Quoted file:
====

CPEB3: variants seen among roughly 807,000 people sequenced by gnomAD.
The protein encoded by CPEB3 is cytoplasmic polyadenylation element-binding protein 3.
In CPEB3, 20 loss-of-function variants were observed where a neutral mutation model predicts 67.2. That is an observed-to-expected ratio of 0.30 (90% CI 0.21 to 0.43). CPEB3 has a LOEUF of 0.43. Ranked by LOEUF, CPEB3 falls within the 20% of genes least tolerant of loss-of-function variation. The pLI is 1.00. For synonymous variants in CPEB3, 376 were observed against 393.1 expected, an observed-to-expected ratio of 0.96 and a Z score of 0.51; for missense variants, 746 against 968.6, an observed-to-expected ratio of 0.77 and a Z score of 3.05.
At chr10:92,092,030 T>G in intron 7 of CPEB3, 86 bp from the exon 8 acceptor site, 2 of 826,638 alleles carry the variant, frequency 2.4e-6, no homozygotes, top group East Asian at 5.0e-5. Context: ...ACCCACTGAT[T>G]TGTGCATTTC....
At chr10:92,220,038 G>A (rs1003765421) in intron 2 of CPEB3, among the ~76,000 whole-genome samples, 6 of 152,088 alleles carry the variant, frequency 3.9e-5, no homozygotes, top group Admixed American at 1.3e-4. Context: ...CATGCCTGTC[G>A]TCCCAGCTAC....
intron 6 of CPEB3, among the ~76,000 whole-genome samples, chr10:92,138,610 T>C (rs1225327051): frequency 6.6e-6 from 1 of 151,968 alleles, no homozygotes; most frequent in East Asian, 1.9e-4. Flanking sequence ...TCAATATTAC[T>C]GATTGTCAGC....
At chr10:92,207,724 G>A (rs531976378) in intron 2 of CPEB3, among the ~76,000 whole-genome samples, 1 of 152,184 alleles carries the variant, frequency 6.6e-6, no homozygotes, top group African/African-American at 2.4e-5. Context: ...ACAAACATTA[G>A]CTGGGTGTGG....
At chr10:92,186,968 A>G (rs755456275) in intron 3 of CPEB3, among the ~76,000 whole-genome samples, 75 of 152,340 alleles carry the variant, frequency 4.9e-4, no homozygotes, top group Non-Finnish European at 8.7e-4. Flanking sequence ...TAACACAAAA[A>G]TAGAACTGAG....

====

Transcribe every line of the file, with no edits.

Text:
CPEB3: variants seen among roughly 807,000 people sequenced by gnomAD.
The protein encoded by CPEB3 is cytoplasmic polyadenylation element-binding protein 3.
In CPEB3, 20 loss-of-function variants were observed where a neutral mutation model predicts 67.2. That is an observed-to-expected ratio of 0.30 (90% CI 0.21 to 0.43). CPEB3 has a LOEUF of 0.43. Ranked by LOEUF, CPEB3 falls within the 20% of genes least tolerant of loss-of-function variation. The pLI is 1.00. For synonymous variants in CPEB3, 376 were observed against 393.1 expected, an observed-to-expected ratio of 0.96 and a Z score of 0.51; for missense variants, 746 against 968.6, an observed-to-expected ratio of 0.77 and a Z score of 3.05.
At chr10:92,092,030 T>G in intron 7 of CPEB3, 86 bp from the exon 8 acceptor site, 2 of 826,638 alleles carry the variant, frequency 2.4e-6, no homozygotes, top group East Asian at 5.0e-5. Context: ...ACCCACTGAT[T>G]TGTGCATTTC....
At chr10:92,220,038 G>A (rs1003765421) in intron 2 of CPEB3, among the ~76,000 whole-genome samples, 6 of 152,088 alleles carry the variant, frequency 3.9e-5, no homozygotes, top group Admixed American at 1.3e-4. Context: ...CATGCCTGTC[G>A]TCCCAGCTAC....
intron 6 of CPEB3, among the ~76,000 whole-genome samples, chr10:92,138,610 T>C (rs1225327051): frequency 6.6e-6 from 1 of 151,968 alleles, no homozygotes; most frequent in East Asian, 1.9e-4. Flanking sequence ...TCAATATTAC[T>C]GATTGTCAGC....
At chr10:92,207,724 G>A (rs531976378) in intron 2 of CPEB3, among the ~76,000 whole-genome samples, 1 of 152,184 alleles carries the variant, frequency 6.6e-6, no homozygotes, top group African/African-American at 2.4e-5. Context: ...ACAAACATTA[G>A]CTGGGTGTGG....
At chr10:92,186,968 A>G (rs755456275) in intron 3 of CPEB3, among the ~76,000 whole-genome samples, 75 of 152,340 alleles carry the variant, frequency 4.9e-4, no homozygotes, top group Non-Finnish European at 8.7e-4. Flanking sequence ...TAACACAAAA[A>G]TAGAACTGAG....